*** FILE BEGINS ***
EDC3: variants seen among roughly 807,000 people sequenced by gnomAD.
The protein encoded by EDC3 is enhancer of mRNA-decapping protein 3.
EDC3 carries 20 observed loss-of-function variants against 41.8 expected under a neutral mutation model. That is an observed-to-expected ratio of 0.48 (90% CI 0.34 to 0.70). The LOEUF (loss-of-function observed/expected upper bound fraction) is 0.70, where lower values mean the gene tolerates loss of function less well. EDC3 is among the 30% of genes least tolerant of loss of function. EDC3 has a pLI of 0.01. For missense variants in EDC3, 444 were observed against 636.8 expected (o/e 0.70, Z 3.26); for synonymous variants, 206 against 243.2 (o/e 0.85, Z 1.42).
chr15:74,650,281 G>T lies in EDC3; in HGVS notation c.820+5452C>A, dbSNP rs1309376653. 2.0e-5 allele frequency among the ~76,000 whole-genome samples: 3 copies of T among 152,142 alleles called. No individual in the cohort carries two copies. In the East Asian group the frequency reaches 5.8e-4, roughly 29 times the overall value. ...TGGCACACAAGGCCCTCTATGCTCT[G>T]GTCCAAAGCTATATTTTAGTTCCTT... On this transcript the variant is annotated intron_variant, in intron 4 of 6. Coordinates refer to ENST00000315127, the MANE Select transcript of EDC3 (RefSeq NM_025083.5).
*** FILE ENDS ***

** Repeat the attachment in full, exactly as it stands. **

EDC3: variants seen among roughly 807,000 people sequenced by gnomAD.
The protein encoded by EDC3 is enhancer of mRNA-decapping protein 3.
EDC3 carries 20 observed loss-of-function variants against 41.8 expected under a neutral mutation model. That is an observed-to-expected ratio of 0.48 (90% CI 0.34 to 0.70). The LOEUF (loss-of-function observed/expected upper bound fraction) is 0.70, where lower values mean the gene tolerates loss of function less well. EDC3 is among the 30% of genes least tolerant of loss of function. EDC3 has a pLI of 0.01. For missense variants in EDC3, 444 were observed against 636.8 expected (o/e 0.70, Z 3.26); for synonymous variants, 206 against 243.2 (o/e 0.85, Z 1.42).
chr15:74,650,281 G>T lies in EDC3; in HGVS notation c.820+5452C>A, dbSNP rs1309376653. 2.0e-5 allele frequency among the ~76,000 whole-genome samples: 3 copies of T among 152,142 alleles called. No individual in the cohort carries two copies. In the East Asian group the frequency reaches 5.8e-4, roughly 29 times the overall value. ...TGGCACACAAGGCCCTCTATGCTCT[G>T]GTCCAAAGCTATATTTTAGTTCCTT... On this transcript the variant is annotated intron_variant, in intron 4 of 6. Coordinates refer to ENST00000315127, the MANE Select transcript of EDC3 (RefSeq NM_025083.5).